I think this is a very important point. There is usually an economic aspect to all of this. The truck driver will say, sorry I am giving your kid asthma, but I have to drive the truck to be able to feed my kid. These kinds of problems need to have solutions worked out from the aforementioned leadership!
    Dave Briggs :~)

  9. #9 Andrea
    January 31, 2008

    “Can’t make people feel bad about themselves.”

    Not really important or really toward your topic. But, in my post-secondary school of technology, with ADULTS… the higher-ups decided that using red pens aren’t nice to us, so all the teachers are now not allow to mark our work in red pens ever.
    Yeah, kinda ridiculous.

    It kinda makes me wonder, if thats how they try to make us feel better about ourselves in school, I really probably couldn’t imagine the things they aren’t telling the masses.

  10. #10 Joe
    January 31, 2008

    This was my response to point #2 as well. Fear of hurting truckers feelings is not the problem, it’s an unwillingness to face the economic consequences. Who will pay for it?

    Posted by: Kerry Maxwell | January 25, 2008 9:19 AM

    There is usually an economic aspect to all of this. The truck driver will say, sorry I am giving your kid asthma, but I have to drive the truck to be able to feed my kid. These kinds of problems need to have solutions worked out from the aforementioned leadership!
    Posted by: Dave Briggs | January 30, 2008 4:32 PM

    Nope. Hurting trucker’s feelings is not the issue. Feeding the trucker’s kid is not the issue. The aforementioned leadership can’t solve the problem. Kerry asked “Who will pay for it?” THAT is the issue – YOU will pay for it. And so will I. And when it starts cramping our own style, THEN we get touchy. If you stopped buying ANYTHING from Wal-Mart or even the local grocery store, and only buy what’s been grown or manufactured locally (and carried around in a local farmer/producer’s pickup truck), THEN the truck drivers will start running out of stuff to be hauled to your neighborhood, and stop polluting the world. But as long as you keep buying the goods they deliver, they’ll keep bringing them. The government won’t/can’t stop the free market, and you probably aren’t willing to take such a drastic action. Why do all our textile mills move to third-world, low-wage countries? Because who wants to pay $50 for a decent shirt when you can get one for $12 at Wal-Mart?

    Stop blaming the truckers and the manufacturers – they are only delivering the goods you (we) demand.

  11. #11 Hank Roberts
    February 19, 2008

    hmmmm …

    http://www.sciam.com/article.cfm?id=plastic-not-fantastic-with-bisphenol-a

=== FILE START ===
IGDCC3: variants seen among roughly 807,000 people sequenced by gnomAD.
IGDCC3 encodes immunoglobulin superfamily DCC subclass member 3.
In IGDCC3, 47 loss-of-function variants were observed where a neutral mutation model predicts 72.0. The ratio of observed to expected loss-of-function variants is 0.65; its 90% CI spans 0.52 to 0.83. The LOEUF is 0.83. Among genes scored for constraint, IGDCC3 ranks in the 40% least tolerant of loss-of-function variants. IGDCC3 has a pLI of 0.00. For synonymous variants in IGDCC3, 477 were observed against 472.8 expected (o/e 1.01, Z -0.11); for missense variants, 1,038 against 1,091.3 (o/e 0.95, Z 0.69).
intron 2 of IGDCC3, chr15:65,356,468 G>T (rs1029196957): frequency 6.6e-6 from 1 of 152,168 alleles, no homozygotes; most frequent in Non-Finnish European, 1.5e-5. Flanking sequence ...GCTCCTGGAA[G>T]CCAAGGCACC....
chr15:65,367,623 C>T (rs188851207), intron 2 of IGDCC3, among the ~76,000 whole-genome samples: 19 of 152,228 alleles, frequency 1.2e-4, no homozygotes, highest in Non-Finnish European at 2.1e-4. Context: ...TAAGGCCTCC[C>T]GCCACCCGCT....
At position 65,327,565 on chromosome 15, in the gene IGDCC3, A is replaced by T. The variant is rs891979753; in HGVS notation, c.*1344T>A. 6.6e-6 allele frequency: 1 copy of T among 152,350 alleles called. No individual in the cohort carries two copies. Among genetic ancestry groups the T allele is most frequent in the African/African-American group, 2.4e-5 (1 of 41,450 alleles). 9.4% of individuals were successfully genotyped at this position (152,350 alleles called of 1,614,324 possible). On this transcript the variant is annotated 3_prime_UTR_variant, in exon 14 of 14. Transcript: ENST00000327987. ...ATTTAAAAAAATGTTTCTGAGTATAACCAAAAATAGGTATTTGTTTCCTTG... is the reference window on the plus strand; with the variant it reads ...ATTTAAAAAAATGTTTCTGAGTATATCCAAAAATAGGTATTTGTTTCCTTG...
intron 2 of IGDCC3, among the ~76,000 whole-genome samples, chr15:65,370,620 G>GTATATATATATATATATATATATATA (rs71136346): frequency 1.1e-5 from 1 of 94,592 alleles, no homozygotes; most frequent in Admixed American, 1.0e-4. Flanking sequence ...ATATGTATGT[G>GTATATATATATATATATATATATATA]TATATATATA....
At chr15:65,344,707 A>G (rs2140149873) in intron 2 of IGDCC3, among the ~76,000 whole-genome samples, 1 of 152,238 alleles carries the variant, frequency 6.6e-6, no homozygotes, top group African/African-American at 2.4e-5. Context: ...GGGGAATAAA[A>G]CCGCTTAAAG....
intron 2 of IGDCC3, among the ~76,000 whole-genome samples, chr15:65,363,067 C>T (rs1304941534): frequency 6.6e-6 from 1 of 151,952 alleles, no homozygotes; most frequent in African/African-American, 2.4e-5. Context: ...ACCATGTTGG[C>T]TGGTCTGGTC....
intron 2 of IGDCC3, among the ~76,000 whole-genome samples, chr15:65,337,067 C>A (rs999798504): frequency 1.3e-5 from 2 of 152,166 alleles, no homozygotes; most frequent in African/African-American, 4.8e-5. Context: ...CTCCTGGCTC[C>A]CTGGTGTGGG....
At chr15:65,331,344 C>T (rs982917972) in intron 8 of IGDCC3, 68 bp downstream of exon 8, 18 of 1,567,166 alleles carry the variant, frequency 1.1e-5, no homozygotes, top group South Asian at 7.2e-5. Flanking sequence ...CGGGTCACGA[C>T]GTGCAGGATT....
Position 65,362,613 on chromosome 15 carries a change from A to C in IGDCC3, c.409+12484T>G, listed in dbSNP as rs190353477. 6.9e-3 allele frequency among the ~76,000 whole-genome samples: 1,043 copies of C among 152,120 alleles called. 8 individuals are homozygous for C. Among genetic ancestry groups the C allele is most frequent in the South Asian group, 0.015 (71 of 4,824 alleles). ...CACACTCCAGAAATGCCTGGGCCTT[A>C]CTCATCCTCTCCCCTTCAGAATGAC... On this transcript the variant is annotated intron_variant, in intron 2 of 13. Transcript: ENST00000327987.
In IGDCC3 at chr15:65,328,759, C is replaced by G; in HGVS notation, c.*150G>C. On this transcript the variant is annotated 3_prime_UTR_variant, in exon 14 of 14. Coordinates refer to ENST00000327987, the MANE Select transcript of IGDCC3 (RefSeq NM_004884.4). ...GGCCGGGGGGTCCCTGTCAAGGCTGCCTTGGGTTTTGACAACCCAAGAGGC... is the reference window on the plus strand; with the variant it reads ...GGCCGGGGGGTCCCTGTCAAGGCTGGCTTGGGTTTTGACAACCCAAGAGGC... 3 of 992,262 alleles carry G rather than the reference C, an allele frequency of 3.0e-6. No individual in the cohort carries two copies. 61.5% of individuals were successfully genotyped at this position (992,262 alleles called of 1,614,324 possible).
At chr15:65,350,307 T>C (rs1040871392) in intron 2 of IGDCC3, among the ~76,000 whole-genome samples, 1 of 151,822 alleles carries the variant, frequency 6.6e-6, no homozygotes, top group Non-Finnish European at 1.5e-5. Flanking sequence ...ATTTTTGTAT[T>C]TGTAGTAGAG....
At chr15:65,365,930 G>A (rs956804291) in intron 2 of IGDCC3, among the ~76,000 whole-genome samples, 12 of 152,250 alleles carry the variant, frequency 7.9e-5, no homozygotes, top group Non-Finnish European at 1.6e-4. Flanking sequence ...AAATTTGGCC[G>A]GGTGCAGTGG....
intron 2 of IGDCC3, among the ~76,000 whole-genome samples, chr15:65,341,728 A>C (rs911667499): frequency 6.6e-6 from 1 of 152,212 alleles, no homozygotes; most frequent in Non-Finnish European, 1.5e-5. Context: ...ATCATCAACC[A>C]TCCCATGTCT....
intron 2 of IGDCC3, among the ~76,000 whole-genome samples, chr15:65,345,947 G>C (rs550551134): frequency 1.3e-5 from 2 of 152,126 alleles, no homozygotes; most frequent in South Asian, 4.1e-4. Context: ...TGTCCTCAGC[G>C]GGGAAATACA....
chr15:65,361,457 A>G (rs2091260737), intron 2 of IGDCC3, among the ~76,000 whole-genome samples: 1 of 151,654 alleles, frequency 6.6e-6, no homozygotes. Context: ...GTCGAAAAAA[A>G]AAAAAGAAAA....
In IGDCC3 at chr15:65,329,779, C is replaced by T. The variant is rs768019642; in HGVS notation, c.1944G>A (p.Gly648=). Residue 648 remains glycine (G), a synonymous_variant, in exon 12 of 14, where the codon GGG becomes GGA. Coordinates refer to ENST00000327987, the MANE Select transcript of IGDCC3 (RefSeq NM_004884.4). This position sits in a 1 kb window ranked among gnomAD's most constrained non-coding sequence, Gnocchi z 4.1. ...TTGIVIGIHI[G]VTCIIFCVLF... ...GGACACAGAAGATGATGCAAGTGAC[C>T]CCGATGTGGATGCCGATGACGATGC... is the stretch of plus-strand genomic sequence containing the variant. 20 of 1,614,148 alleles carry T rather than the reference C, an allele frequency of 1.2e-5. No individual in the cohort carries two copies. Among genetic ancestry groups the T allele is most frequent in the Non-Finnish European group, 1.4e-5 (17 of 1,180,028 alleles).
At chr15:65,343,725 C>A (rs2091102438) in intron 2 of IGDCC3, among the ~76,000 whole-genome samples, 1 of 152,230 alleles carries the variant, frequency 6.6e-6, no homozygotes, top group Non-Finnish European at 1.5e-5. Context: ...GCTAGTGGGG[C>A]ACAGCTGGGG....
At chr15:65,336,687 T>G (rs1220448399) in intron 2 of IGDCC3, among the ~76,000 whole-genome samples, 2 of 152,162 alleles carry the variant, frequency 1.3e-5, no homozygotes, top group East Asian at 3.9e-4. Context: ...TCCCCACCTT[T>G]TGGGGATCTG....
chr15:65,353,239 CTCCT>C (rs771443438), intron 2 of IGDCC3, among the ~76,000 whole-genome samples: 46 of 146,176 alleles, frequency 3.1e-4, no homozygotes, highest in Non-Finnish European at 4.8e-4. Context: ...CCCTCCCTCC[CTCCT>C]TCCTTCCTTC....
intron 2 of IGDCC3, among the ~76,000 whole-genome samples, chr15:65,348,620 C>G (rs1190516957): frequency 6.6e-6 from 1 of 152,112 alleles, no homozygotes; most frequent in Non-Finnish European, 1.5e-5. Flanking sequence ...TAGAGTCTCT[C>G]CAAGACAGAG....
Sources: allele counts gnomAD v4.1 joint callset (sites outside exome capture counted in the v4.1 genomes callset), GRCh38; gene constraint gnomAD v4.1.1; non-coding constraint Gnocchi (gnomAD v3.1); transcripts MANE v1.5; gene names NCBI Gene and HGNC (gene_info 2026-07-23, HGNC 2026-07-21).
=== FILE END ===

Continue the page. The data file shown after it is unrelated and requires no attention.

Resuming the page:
————excerpt follows——-
    A recent report in the journal Reproductive Toxicology found that humans must be exposed to levels of BPA at least 10 times what the EPA has deemed safe because of the amount of the chemical detected in tissue and blood samples. “If, as some evidence indicates, humans metabolize BPA more rapidly than rodents,” wrote study author Laura Vandenberg, a developmental biologist at Tufts University in Boston, “then human daily exposure would have to be even higher to be sufficient to produce the levels observed in human serum.”

    The CDC data shows that 93 percent of 2,157 people between the ages of six and 85 tested had detectable levels of BPA’s by-product in their urine. “Children had higher levels than adolescents and adolescents had higher levels than adults,” says endocrinologist Retha Newbold of the U.S. National Institute of Environmental Health Sciences, who found that BPA impairs fertility in female mice. “In animals, BPA can cause permanent effects after very short periods of exposure. It doesn’t have to remain in the body to have an effect.”
    ————————-

    But my teeth look perfect!

    http://www.ada.org/prof/resources/positions/statements/bisphenola.asp

    —–excerpt follows—–
    November 26, 2007, the U.S. Department of Health and Human Services (HHS) announced the availability of the Bisphenol A Expert Panel Report [ Link ] … on the reproductive and developmental effects of BPA1. The report states that, “Dental sealant exposure to bisphenol A occurs primarily with use of dental sealants bisphenol A dimethylacylate. This exposure is considered an acute and infrequent event with little relevance to estimating general population exposures.”

    —————-

    Wait, what does “acute” mean there?

  12. #12 getnutri
    April 16, 2008

    Nice information Thanks for sharing

  13. #13 evden eve nakliyat
    June 29, 2008

    very nice thanks….

  14. #14 evden eve nakliyat
    April 14, 2010

    This exposure is considered an acute and infrequent event with little relevance to estimating general population exposures